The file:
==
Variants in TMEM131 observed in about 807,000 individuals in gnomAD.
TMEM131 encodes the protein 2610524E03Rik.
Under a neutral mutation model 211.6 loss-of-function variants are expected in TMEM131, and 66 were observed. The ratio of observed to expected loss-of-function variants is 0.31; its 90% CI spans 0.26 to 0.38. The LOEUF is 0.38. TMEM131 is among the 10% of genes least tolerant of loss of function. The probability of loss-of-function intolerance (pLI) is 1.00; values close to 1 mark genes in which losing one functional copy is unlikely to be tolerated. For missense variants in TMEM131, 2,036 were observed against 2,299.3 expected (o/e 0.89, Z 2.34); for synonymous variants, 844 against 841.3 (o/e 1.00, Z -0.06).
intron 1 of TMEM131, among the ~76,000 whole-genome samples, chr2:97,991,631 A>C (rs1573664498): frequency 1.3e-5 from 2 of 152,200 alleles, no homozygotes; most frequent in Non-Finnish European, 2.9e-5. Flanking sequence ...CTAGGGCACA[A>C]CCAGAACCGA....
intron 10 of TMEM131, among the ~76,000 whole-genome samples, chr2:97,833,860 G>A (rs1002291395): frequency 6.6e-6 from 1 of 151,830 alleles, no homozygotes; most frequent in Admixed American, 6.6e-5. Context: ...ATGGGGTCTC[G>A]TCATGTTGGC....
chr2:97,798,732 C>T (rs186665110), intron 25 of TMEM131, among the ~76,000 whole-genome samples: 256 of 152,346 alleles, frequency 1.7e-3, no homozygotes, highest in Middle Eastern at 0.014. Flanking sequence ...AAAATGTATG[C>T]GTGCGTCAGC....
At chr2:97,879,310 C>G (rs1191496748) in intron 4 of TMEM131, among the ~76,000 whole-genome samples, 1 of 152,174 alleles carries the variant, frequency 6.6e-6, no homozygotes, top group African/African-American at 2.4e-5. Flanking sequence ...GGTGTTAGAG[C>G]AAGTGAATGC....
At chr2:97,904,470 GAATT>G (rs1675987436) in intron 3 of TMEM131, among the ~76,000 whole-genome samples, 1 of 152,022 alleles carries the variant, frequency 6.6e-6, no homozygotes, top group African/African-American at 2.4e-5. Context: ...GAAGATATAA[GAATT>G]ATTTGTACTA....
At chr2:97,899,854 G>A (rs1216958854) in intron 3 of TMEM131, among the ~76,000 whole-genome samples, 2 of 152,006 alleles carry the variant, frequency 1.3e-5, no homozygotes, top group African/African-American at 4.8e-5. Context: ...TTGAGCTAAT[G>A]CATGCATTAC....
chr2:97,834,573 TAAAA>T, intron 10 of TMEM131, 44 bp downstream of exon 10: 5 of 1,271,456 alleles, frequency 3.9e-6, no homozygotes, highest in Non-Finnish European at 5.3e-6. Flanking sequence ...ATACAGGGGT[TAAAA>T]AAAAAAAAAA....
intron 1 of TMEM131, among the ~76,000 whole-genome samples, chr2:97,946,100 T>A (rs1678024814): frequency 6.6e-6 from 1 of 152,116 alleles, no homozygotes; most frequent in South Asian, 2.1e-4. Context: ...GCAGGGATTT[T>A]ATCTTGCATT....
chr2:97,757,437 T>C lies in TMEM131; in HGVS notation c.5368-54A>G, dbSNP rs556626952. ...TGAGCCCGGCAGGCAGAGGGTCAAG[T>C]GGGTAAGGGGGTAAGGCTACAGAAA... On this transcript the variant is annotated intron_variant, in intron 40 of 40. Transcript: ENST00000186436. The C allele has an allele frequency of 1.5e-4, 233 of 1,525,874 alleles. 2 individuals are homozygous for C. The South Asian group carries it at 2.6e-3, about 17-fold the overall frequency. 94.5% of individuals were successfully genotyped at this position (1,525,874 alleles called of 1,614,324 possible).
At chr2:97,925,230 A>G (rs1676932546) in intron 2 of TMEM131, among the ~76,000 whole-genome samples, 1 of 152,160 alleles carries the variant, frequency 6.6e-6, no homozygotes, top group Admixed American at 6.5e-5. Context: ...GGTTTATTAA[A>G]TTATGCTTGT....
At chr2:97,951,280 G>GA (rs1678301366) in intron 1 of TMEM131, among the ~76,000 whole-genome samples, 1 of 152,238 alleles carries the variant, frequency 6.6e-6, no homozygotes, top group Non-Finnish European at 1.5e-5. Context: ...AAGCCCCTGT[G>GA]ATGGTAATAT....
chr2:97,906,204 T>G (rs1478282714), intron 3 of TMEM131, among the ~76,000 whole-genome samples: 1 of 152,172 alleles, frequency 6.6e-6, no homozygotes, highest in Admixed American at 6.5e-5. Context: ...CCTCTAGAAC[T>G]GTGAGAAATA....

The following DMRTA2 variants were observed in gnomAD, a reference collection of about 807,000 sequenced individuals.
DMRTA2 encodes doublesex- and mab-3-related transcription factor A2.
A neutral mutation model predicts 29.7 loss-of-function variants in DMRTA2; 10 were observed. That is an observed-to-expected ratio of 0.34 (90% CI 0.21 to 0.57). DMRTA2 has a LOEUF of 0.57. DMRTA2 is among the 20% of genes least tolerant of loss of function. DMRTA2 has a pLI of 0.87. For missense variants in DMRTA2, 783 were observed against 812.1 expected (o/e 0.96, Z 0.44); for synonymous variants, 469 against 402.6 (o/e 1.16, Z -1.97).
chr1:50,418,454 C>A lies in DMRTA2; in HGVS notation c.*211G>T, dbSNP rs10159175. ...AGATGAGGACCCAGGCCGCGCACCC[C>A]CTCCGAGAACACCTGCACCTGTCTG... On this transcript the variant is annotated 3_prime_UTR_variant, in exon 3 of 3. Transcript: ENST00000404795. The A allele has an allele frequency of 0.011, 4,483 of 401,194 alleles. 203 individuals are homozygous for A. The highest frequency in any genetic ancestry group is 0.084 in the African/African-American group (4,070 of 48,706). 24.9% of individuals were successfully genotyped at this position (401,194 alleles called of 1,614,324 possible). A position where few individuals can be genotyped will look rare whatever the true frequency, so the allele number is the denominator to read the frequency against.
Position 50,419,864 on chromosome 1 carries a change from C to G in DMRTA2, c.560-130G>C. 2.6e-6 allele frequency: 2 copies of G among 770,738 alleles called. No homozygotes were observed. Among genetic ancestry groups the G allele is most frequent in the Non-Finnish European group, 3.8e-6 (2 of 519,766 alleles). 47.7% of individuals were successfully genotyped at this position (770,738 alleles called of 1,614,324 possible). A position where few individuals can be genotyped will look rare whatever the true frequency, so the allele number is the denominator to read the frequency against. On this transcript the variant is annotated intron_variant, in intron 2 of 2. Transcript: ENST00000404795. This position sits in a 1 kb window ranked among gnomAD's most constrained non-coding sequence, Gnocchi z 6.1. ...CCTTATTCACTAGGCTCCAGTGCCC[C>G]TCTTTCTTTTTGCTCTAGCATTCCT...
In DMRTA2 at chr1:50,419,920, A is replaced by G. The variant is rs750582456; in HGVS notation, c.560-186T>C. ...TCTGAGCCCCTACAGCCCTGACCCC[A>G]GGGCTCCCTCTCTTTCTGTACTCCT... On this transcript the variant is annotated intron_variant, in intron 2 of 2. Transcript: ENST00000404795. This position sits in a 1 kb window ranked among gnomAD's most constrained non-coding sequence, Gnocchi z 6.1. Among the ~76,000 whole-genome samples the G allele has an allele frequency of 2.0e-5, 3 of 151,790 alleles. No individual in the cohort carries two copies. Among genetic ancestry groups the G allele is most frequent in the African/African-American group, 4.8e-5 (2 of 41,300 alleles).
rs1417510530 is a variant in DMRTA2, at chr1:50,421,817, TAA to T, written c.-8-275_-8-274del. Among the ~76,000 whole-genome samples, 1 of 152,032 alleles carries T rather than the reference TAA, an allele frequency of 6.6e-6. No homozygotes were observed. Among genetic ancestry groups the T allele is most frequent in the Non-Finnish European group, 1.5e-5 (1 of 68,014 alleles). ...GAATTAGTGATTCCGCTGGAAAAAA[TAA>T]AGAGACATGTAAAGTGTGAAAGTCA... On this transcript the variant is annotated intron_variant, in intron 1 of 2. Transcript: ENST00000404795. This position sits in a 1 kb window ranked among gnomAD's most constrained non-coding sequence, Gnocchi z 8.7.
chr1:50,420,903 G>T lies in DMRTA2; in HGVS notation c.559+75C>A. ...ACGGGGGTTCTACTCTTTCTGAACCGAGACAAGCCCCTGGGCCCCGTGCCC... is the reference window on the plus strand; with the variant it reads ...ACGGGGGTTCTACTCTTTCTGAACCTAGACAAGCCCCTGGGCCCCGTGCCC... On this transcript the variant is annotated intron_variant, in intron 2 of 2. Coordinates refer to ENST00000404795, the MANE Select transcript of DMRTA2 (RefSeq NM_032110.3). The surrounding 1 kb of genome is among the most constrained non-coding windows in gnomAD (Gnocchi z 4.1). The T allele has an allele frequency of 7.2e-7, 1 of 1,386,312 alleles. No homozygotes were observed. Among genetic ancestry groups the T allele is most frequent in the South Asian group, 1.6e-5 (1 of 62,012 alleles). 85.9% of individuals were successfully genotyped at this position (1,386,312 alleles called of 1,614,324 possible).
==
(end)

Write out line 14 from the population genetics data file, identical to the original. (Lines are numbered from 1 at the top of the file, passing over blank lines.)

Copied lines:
At chr2:97,951,280 G>GA (rs1678301366) in intron 1 of TMEM131, among the ~76,000 whole-genome samples, 1 of 152,238 alleles carries the variant, frequency 6.6e-6, no homozygotes, top group Non-Finnish European at 1.5e-5. Context: ...AAGCCCCTGT[G>GA]ATGGTAATAT....